During some downtime, Ib and Cole have a conversation about the 19-year-old Florida teen who murdered a couple and began eating parts of a man’s face. The report Ib read stated that Austin Harrouff was deemed a good kid by the sheriff and was detained by police, hypothesizing if that same situation happened to a black man, it would go down differently. “That’s the other thing, he killed a husband and wife and started eating this dude’s face, and they just detained him. Like if he was black, he woulda been got shot…quickly,” Ib says. “That’s weird. But yeah, that’s nothing new,” Cole adds.
9. He's a musician at heart.
Cole gets taught a lesson in composition and musical theory, disagreeing that there shouldn’t always be an explanation on how music is formed.
10. He's maintained his ambition.
In speaking about the difficulties of finishing 4 Your Eyez Only, Cole brings up the reality where rappers are at the top of the ladder, but seemingly fall down a few rungs when their next album isn’t as well-received. He wants to use his platform and opportunity now to say “the realest shit I’ve ever said.” He adds, “In case next time that shit down here, when I got to the top of the mountain, this is what the fuck I’ma say. That intention has been there and that purpose has been there.”
11. He's also still competitive.
Interestingly enough, what gets Cole focused to complete his songs is hearing other people’s work. He mentions YG and Drake’s “Who Do You Love” having that effect on him.
12. Cole keeps to himself.
He avoids social media and doesn’t read the news on the internet. “It’s family and fuckin’ music,” he says of his priorities. Cole hasn’t tweeted since Oct. 21 and his Instagram hasn’t been updated since the announcement of Road to Homecoming.
13. We get an explanation for that time we saw Cole riding the city bus in Queens.
Here’s why. In the kinda, sorta video for “False Prophets” that takes place around Queens County, Cole sends some subliminals at his idols and his peers again—some say he’s talking about Kanye West and Wale. A few key bars:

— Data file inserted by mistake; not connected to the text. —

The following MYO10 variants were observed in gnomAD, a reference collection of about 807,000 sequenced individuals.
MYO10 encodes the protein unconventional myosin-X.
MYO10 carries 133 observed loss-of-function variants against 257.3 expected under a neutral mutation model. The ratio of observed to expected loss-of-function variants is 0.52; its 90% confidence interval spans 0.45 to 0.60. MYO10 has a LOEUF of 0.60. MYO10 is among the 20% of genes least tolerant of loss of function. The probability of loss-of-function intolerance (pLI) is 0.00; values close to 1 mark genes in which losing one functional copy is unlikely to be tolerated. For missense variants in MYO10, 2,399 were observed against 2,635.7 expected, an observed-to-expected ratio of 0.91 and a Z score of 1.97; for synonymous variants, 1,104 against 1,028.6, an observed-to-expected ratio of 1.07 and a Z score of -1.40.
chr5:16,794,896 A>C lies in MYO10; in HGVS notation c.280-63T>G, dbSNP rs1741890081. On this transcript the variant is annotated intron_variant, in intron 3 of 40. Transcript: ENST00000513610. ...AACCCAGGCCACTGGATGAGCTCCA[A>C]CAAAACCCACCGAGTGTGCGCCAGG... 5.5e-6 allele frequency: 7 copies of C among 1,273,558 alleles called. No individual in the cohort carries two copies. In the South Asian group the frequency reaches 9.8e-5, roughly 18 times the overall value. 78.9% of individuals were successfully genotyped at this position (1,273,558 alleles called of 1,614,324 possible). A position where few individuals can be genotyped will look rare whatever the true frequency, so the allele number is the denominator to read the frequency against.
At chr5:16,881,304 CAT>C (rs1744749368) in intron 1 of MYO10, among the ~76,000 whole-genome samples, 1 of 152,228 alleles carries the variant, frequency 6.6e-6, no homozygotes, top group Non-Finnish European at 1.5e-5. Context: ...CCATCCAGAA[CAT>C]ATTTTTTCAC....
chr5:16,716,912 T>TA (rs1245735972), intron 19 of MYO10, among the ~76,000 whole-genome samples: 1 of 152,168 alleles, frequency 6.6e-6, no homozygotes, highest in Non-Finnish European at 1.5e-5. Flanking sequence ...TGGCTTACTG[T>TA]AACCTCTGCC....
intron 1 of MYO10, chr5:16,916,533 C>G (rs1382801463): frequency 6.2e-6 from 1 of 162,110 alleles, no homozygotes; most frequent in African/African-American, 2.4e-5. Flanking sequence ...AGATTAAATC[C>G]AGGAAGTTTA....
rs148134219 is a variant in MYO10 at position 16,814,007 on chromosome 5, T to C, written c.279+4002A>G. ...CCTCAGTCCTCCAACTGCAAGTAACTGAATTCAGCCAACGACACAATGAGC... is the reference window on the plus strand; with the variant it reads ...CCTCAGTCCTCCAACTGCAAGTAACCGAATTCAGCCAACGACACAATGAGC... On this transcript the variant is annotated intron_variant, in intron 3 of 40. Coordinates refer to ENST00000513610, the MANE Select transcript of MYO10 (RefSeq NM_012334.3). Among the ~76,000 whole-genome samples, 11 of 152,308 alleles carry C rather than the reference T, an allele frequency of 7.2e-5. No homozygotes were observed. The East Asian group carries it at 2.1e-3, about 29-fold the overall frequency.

“When he tell us he a genius but it's clearer lately/It's been hard for him to look into the mirror lately/There was a time when this ni**a was my hero, maybe/That's the reason why his fall from grace is hard to take”
“Maybe it's my fault for idolizing ni**as based off the words they be rappin' /But come to find out, these ni**as don't even write they shit /Hear some new style bubblin' up, then they bite the shit /Damn, that's what I get for lyin' to myself”
“I got a homie, he a rapper and he wanna win bad/ He want the fame, the acclaim, the respect that's been had /By all the legends, so every time I see him, he stressin'/Talkin' 'bout, ni**as don't fuck with him, the shit is depressin'”
“And I know he so bitter he can't see his own blessings/Goddamn, ni**a, you too blind to see you got fans, ni**a/And a platform to make a classic rap song /To change a ni**a life, but you too anxious livin' life”
14. Cole still rides his bicycle around New York City.
It's a practice he showed us on the “Intro” video from 2014 Forest Hills Drive.